Over the Governor’s veto, the Hawaiian legislature passed a new law effective July 1, 2009 that put limits on the use of employment credit history or credit reports unless it “directly related to a bona fide occupations qualification,” or falls under another exception.
The bill amends the Hawaiian Fair Employment Practices Act by making it an unlawful discriminatory practice for any employer to refuse to hire or employ, continue employment or to bar or discharge from employment, or otherwise to discriminate against any individual in compensation or in the terms, conditions, or privileges of employment of any individual because of the individual’s credit history or credit report, unless the information in the individual’s credit history or credit report directly relates to a bona fide occupational qualification. Hawaii Revised Statues Sec. 378-2(8).
The new law also indicates that in terms of hiring in the first place, the employer can only inquire into the credit history or credit report on a prospective employee only after there has been a conditional job offer, and only if the information is directly related to a bona fide occupational qualification.
The law makes exceptions for employers that are expressly permitted to inquire into credit history or a credit report by federal or state law, financial institutions that are insured by a federal agency or to managerial or supervisory employees. The law sets out a specific definition of what constitutes a “Managerial” or “Supervisory” employee.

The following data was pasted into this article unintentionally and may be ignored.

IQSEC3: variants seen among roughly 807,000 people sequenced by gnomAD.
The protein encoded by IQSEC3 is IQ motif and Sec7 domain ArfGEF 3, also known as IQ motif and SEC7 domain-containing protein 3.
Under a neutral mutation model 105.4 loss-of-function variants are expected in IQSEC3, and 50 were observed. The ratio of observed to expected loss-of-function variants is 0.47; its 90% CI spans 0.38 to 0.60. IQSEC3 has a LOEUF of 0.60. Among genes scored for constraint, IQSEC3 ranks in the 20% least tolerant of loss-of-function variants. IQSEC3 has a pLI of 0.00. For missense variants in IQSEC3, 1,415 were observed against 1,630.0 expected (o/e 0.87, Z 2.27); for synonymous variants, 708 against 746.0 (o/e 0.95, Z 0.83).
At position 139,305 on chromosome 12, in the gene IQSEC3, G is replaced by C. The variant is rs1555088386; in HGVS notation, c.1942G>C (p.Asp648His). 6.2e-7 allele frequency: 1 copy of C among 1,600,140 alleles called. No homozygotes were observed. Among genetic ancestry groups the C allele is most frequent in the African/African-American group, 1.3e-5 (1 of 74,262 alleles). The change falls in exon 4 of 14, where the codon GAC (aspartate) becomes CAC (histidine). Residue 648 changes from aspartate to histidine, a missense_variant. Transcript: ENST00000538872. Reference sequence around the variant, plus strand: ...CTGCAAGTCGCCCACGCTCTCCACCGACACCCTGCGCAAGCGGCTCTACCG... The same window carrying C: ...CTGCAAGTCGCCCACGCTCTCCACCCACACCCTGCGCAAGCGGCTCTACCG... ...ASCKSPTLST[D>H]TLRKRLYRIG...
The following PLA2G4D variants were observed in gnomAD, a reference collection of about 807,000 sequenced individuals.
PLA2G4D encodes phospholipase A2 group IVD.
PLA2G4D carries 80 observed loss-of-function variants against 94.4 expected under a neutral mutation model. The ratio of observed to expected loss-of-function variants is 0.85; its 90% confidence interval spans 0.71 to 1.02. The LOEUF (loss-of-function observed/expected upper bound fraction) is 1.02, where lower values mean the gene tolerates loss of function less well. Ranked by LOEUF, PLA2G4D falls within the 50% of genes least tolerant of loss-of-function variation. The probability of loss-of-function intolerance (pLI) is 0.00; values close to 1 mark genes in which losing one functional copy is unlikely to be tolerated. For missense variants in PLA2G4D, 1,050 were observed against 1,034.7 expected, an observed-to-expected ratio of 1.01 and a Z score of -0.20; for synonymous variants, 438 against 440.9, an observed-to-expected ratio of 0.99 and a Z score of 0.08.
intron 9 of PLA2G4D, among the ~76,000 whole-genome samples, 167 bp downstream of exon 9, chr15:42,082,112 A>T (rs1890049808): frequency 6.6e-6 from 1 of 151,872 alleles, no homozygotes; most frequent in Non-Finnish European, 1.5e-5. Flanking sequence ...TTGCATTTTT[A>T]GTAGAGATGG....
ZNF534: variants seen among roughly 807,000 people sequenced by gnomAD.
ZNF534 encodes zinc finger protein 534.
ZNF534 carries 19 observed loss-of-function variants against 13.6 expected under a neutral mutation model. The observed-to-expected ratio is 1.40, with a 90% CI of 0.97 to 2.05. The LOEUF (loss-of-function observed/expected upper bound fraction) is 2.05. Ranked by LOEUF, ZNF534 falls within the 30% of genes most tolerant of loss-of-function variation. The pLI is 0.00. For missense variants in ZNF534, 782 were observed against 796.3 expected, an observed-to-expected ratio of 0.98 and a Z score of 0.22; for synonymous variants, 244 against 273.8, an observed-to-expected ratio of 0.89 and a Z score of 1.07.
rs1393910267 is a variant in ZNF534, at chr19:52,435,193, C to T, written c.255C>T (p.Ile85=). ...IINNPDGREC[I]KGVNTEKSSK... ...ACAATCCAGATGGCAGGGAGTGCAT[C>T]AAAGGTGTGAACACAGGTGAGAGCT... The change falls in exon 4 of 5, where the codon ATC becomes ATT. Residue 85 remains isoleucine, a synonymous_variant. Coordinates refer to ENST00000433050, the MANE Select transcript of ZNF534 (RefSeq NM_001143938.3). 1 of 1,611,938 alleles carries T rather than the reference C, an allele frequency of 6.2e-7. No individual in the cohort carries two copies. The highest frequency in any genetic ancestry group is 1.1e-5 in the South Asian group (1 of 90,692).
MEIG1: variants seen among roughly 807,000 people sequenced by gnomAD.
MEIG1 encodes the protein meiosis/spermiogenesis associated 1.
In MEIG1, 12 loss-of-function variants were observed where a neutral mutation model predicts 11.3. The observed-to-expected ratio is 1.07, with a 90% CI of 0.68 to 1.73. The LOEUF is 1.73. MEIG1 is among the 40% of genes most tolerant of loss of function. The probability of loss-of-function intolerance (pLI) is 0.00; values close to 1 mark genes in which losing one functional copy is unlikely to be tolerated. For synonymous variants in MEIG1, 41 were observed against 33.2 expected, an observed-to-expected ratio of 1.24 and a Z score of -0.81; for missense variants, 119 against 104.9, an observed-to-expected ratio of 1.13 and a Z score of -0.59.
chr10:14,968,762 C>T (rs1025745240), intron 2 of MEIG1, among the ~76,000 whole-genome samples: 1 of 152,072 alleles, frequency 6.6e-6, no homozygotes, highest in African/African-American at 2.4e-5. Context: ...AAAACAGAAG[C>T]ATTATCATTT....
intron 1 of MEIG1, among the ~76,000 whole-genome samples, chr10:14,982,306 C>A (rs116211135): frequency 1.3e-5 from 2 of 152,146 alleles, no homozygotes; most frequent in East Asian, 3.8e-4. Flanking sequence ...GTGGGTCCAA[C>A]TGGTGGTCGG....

The Governor’s strong veto message (http://www.capitol.hawaii.gov/session2009/Bills/GM813_.pdf ) argued that employers should not be subject to, “another restriction on employers that could impact their ability to protect the safety and financial security of their workplaces.” The Governor indicated that credit reports can have value in particular situations and that Congress has regulated the use of credit reports in the Fair Credit Reporting Act (FCRA).
For a copy and history of the new law, see: http://www.capitol.hawaii.gov/session2009/lists/measure_indiv.aspx?billtype=HB&billnumber=31
It should be noted that even without the new law, an employer that obtains a credit report for employment does NOT obtain a credit score or FICO number. A credit score is not part of an employment credit report since it is not a valid predictor of job performance. However, as noted in an article in USA Today where ESR President Lester Rosen was quoted, credit reports have been strongly criticized for preventing some consumers from obtaining employment. http://www.usatoday.com/news/washington/2009-02-12-creditcheckinside_N.htm
The California legislature, in fact, passed a law in 2008 that would have severely restricted employment credit reports, but it was vetoed by the Governor and did not become law. The new Hawaii law is similar to a restriction passed in the State of Washington in 2007, that required a credit report to be substantially job-related and for the employer’s reasons for the use of such information to be disclosed to the consumer in writing. http://www.esrcheck.com/newsletter/archives/June_2007.php
It is likely that more states will be reviewing the use of credit reports and employment in the future.